Re: Big research projects (was: Lawsuit about Tolkien)
- View Source--- In mythsoc@y..., "David S. Bratman" <dbratman@s...> wrote:
> At 12:06 AM 2/12/2002 , Michael Martinez wrote:Maeglin"
> >That's a reasonable summary for what Christopher devoted MORGOTH'S
> >RING and THE WAR OF THE JEWELS to explaining, but he had to draw
> >upon "The Fall of Gondolin" directly for some parts in "Of
> >and "Of Tuor and the Fall of Gondolin".this
> Did he? I must have missed that. Do you have any references for
> handy? If not, I'll put it on my mental "check up on this" list.I'm at work again. :)
THE WAR OF THE JEWELS explains the processes he used to create those
chapters. "Of Maeglin" was more like a negative-use than an actual
use. That is, he tried to create a coherent story while glossing
over various names he felt should not have been used in it
(Glorfindel and Ecthelion, for example, would have been responsible
for losing Aredhel). "Of Tuor and the Fall of Gondolin" relies
extensively upon the fragmentary "Of Tuor and his Coming to Gondolin"
(a post-LoTR text published in UNFINISHED TALES) up to the point
where it breaks off (Tuor's arrival at Gondolin). From that point
onward, the only detailed source Christopher had available was "The
Fall of Gondolin", so he engaged in some radical compression.
These two chapters do appear to be weak, after reading the
explanations Christopher offers for how he constructed them. But
they are much more satisfying than "Of the Ruin of Doriath", which
departed from JRRT's briefly stated ideas radically.
> OK, I must have misunderstood you. The origin of Celeborn is theI use the second history of Celeborn and Galadriel (in UNFINISHED
> most prominent example of contradictory texts of the sort that I
> thought you were including in your canon, as opposed to ones like
> BLT that you're leaving out. Can you give a better example of the
> sort of contradictory (not just vague) texts you are including as
TALES) as my primary source for information regarding events in
Eregion and the War of the Elves and Sauron, even though in this
second history Amroth is their son (and not the son of the ubiquitous
I also use a lot of the information in "Quendi and Eldar", even
though some of the points made there contradicted earlier material.
One case deals with Eol's relationship to Thingol. I think that,
in "Quendi and Eldar", he is a Tatyarin Elf (an Avar) who has somehow
become a part of Thingol's realm. Hence, his resentment of the
Noldor is explained by an aside which states that the Tatyarin Avari
felt the Noldor (their western cousins) were arrogant. I'm not sure,
but I think Tolkien eventually restored Eol to the Sindar. I tend to
disregard the tradition of Eol as a Tatya, but I accept other points
regarding the Tatyar.
> >But let me stress again that I change canons on an almost hourlyThe book will represent a variety of perspectives and
> >basis, depending upon who I am discussing something with or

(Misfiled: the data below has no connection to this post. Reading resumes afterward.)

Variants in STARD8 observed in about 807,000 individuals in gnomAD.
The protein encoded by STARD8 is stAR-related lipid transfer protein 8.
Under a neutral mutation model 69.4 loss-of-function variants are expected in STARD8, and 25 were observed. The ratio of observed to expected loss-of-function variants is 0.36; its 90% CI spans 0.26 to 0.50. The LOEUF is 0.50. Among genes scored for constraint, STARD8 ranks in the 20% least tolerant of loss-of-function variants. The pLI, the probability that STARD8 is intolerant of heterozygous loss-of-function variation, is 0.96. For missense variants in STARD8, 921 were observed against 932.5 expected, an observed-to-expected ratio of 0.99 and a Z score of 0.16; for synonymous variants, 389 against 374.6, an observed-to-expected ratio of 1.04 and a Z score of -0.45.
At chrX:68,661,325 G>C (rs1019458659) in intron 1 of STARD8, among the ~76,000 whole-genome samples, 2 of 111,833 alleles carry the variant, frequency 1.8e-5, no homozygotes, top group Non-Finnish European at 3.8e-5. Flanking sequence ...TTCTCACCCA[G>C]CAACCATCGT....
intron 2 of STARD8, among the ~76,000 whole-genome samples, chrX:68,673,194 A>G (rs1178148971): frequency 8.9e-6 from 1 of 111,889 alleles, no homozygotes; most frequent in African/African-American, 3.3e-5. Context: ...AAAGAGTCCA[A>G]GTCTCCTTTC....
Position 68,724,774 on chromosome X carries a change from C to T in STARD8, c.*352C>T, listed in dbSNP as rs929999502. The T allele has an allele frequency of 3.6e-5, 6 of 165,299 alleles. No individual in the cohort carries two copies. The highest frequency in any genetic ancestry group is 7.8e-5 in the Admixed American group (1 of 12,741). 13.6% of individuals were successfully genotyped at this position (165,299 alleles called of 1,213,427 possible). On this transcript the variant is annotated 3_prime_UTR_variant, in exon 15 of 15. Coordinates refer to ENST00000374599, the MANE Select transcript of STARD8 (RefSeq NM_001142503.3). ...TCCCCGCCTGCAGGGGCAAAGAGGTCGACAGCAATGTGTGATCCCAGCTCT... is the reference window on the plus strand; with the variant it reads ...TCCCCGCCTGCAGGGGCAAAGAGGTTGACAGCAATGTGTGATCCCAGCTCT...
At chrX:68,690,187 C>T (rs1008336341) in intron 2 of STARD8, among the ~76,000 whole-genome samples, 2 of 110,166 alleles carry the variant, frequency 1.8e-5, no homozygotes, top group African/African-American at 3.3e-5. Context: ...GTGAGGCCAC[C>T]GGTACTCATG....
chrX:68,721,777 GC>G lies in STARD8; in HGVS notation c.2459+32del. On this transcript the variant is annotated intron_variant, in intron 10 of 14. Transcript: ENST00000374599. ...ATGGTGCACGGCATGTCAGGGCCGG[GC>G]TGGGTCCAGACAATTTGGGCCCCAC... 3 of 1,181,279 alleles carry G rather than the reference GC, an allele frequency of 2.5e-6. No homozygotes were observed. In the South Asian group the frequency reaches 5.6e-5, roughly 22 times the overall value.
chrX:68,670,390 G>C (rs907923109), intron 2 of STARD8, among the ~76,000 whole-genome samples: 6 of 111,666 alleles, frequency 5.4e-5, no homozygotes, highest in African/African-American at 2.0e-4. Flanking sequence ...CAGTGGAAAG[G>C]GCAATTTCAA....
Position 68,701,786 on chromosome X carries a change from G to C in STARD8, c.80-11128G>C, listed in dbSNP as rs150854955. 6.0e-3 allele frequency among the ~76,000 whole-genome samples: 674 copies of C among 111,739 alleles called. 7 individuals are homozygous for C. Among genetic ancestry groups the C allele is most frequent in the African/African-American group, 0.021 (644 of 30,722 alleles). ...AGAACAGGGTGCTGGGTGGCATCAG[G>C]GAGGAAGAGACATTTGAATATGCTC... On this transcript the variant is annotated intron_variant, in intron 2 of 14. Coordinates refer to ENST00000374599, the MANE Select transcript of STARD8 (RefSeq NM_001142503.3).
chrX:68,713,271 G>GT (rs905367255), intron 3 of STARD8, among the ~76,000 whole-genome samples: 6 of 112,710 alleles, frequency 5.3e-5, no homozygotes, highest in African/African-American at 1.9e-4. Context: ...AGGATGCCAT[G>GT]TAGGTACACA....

> >writing for, and what the topic is. I can't stay within the
> >confines of a single canon, and yet I cannot work with the
> >gelatinous complexity of all the Tolkien works.
> Understood; but for me to find this very practical (as opposed to
> theoretical) approach useful for detailed subcreational study, I
> hope you will supply commentary and justification of what you
> consider canonical and what reliable on various topics, even at the
> risk of popping out of the subcreational stance and into
> the "literary work" stance to do it. My instincts on what should
> be worked with on a given point may be different from yours, and
> others' instincts different from either of ours, so I want
> to know what sources such a work is using or not using.
interpretations. I don't necessarily agree with them all. I am the
primary author, but mine is not the only voice which will be evident
in the book. Although I have set a fairly definitive canonical
standard for myself, I've already run into a couple of situations
where I have had to accept compromise. But it was true compromise,
with both parties making some concessions to the others.
I suppose we run the risk of being criticized for creating a work by
committee. But the other people involved in the project are
contributing things which are simply beyond me. And I think that, in
the end, this book (if published) will earn a high degree of
credibility because it won't be perceived as one person's point-of-
view or interpretation. People will undoubtedly find things to
object to -- that is inevitable. But what we are doing has not
really been attempted before (at least -- nothing like it has ever
been published -- I suppose there could have been many failed
I can only hope people will appreciate the effort once they see it.
Early reaction to the proposal has been completely enthusiastic. I
just have to go forward believing that we'll be able to sustain the
enthusiasm sufficiently to get the project to completion. After
that, it will be up to the readers to make the final call.